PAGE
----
My excursion to Blackhawk, CO, thoughts/questions
  • Hello all...first time post...have been following the board the last few weeks and very much appreciate the expertise and knowledgeable advice. Learned BS with the help of the BS trainer, then made a trip up the mountains to Blackhawk, CO....$5 max bet, 6 decks, S17, DOA, DAS, LS. Came away up $325 after approx. 15 hrs at the table over 2 days. Yes, the luck factor went my way...hit more than my share of BJs...but the advantages of BS were readily apparent, especially doubling/splitting when called for to stretch that $5 max bet. Recall splitting 7s three times in the same hand, doubled on one and stood on the remaining three to the dealer's 5...dealer busted, which made for a pretty nice one-hand take. By no means do I expect that kind of return on a regular basis, but I'll take it when I can...instilled some confidence in BS. Sadly, no one else I encountered at the table seemed to be playing consistent BS...hitting 13+ to the dealer's 2-6, standing on 12-16 to the dealer's 17+, not doubling/splitting when called for. Tried to extol the virtues of BS when the conversation presented itself without beating people over the head...which I felt like doing at times. It's beyond me why people so willingly spend their hard-earned $$ without first spending the time to learn the game to minimize the house edge. Anyway, a couple of questions...can the A-10 count through 2+ decks, as described in earlier posts, be leveraged to one's advantage when you can't increase your bet? Slight variations to BS possibly? Also, curious to know about tipping habits...when/how much...I know it has no bearing on the game, but it is nevertheless a part of BJ etiquette...and may even generate some good kharma :) Thanks for listening....Cuzz
  • On Raising Bets: Since even the best blackjack player on the planet will absolutely, positively end up losing more hands than he'll win at blackjack, it is utterly impossible to beat the game without having more money bet on your winning hands. The trick is to determine which upcoming hands you're more likely to win. The "Ace/10 Front Count" can do that very simply. But when it tells you the time is "now", you must get that bet up there and keep it up there through thick and thin. By doing this, then over time, as you combine all hands on which your big bets were riding, you'll find that you made a profit on them. If you can't bet more than $5, then you have to bet less or not at all during all the other times.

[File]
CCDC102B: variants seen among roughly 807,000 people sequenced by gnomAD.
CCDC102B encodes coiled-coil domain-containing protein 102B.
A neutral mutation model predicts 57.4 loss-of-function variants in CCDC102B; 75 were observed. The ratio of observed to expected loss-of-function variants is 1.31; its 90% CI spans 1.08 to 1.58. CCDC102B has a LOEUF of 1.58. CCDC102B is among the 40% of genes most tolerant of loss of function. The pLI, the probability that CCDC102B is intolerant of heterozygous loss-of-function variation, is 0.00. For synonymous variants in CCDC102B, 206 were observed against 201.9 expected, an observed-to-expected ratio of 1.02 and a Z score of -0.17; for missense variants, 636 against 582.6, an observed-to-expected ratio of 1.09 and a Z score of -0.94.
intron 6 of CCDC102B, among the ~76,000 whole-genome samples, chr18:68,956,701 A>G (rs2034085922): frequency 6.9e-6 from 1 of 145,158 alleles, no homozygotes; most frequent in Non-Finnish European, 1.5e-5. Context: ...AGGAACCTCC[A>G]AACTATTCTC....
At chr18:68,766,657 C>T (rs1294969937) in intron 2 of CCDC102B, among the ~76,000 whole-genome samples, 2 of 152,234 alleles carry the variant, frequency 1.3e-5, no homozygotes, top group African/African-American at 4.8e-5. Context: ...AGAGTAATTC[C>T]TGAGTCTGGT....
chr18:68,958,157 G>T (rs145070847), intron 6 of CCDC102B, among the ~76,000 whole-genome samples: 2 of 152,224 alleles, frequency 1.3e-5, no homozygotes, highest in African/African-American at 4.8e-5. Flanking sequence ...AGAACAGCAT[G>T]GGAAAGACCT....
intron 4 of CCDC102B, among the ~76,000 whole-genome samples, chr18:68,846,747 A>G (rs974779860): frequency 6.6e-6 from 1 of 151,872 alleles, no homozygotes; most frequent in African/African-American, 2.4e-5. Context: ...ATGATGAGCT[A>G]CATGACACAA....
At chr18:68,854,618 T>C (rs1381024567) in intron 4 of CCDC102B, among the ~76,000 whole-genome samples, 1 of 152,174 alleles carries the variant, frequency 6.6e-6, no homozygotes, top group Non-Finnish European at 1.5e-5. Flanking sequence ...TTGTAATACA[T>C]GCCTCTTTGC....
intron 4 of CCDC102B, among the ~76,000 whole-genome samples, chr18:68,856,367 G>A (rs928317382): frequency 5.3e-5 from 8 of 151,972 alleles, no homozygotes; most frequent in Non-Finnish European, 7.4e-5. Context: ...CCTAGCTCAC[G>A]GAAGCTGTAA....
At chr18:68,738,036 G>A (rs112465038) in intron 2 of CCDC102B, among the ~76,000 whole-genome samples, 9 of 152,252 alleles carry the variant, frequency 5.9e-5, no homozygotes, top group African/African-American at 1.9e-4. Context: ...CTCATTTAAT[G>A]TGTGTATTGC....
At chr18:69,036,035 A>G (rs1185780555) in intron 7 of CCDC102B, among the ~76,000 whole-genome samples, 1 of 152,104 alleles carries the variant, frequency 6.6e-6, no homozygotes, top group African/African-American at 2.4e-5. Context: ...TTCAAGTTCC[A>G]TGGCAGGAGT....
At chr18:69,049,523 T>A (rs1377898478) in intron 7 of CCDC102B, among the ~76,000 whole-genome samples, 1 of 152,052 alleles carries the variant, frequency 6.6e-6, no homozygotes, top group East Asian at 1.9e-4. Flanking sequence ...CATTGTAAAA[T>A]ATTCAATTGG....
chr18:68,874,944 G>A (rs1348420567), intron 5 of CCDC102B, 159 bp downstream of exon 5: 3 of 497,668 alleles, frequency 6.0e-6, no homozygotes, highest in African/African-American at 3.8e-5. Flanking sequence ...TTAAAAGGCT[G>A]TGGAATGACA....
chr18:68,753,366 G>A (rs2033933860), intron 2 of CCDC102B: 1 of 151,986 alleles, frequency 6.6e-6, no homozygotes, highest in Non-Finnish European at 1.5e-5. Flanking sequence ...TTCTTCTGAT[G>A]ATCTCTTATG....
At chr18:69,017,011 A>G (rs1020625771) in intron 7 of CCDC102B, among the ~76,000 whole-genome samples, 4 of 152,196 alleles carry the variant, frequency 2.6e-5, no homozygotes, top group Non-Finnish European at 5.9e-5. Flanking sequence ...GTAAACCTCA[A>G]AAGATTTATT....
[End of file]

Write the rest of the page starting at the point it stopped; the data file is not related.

• Cuzz, my attitude to other players is always cordial no matter what they bet, its thier money not mine. I know the casinos expect a take of between 15-20% on the blackjack tables, if it averaged out to less than 1% I wonder what they might do? Maybe make the rules worse for the rest of us, so I'm almost as happy to see these folks as the casino is. I have also found that BS plays should be kept to onesself, if you recommend the proper play to someone and they lose, you feel bad and they may feel downright angry. When I make a proper BS play such as splitting 4s in a game in which that is called for and people say something, I just smile and say 'I know, but I just have a hunch on this hand'. Otherwise just enjoy the play of the game. I have a little more trouble on the 'team play' attitude, it seems to be a very popular 'cultural' way to play in Mississippi, if I'm in a table position where this seems to be important enough to everybody else, usually 3rd base, sometimes I'll move around the table, others I just move on. As far as tipping I don't tip on my wins or withhold tips if I lose, I give a modest tip when I get up to go. The exception is when I have a couple of big hands, BJs or big splits and double downs. Then I will put a modest tip, usually $1 per red chip 'on top' of my next bet, not out in front, and let that bets winnings go to the dealer, and letting the original bet ride, it gives the dealer a reason to root for a streak too and makes thier job a little less boring.